As consumers head to mortgage offices to take advantage of some of the best interest rates in a generation, they may find a new wrinkle in the home financing process.

How good a deal they get on their new or refinanced home loans may depend heavily on how good their credit is.It's called "risk-based pricing," and it means that the borrowers with the best credit will get the lowest finance costs. Buyers and refinancers with a blemish or two on their credit reports may still get loans but maybe at a percentage point or two higher than the guy next door with spotless credit.

"If you qualify for an A loan, you will get one rate - a very good rate - and if you qualify for an A- or B loan, you will pay a little more," said Leland Brendsel, chairman of the Federal Home Loan Mort-gage Corp., or Freddie Mac, one of the country's largest sources of home finance money. "You find this same thing in other parts of consumer finance like auto lending and credit cards."

Using sophisticated computer programs that score borrowers' credit based on payment history, job security and other factors, Freddie Mac and other lenders are beginning to separate mortgage applicants into different grades and charge accordingly.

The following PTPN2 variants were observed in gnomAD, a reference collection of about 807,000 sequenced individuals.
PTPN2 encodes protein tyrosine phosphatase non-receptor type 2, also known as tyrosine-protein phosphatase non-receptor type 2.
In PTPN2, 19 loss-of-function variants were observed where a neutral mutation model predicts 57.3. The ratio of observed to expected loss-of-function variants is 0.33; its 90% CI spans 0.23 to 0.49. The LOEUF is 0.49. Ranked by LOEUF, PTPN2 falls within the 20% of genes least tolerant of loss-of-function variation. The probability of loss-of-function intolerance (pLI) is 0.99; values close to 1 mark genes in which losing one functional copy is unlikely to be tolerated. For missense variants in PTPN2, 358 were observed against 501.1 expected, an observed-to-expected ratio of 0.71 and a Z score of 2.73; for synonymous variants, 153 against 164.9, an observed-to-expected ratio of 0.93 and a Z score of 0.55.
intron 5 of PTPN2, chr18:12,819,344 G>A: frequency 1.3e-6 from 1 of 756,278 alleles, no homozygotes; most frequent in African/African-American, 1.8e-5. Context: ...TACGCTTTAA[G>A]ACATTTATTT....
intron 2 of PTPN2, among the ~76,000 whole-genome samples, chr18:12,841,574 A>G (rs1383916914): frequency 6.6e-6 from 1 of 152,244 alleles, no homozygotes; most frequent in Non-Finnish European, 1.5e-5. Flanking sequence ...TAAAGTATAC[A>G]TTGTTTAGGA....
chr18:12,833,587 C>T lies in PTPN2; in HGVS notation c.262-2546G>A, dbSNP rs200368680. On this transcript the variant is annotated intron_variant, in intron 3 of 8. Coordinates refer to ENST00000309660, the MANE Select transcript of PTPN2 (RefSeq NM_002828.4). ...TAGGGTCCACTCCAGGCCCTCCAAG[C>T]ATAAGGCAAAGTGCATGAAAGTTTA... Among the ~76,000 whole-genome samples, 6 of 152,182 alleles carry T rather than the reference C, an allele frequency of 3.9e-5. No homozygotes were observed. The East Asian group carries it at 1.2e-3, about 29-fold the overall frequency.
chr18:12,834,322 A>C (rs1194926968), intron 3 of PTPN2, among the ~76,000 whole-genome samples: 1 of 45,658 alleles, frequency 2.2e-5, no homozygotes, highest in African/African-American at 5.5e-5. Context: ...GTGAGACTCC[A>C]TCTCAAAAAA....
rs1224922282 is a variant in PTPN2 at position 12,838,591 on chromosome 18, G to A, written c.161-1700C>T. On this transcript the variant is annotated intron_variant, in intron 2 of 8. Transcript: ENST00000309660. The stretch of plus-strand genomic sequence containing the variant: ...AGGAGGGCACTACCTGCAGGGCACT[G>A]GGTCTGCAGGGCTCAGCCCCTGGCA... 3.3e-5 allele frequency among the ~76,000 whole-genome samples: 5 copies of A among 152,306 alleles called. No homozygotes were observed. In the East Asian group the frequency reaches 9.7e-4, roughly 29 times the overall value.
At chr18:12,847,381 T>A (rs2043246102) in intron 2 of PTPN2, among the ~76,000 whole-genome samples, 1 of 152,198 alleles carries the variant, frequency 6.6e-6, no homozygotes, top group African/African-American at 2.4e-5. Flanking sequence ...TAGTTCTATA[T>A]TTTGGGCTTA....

"The rate the borrower expects is pretty well-known - they've shopped around," said Brendsel. "The actual rate that will be charged will not be known until that borrower's application has been underwritten."

Traditionally, conventional lenders such as Freddie Mac have underwritten home loans on a pass-fail system.

Along with providing home financing for a wider range of borrowers, mortgage industry lenders say, risk-based programs will save many consumers money.

"If you didn't qualify for a conventional mortgage, the lender has not been willing to make the loan, and you have had to go down the street," Brendsel said. "The rates charged these types of borrowers by finance companies has been excessive in many cases."

On the flip side, some consumer advocates and other mortgage industry officials worry that risk-based lending will price some marginal borrowers out of the home finance business.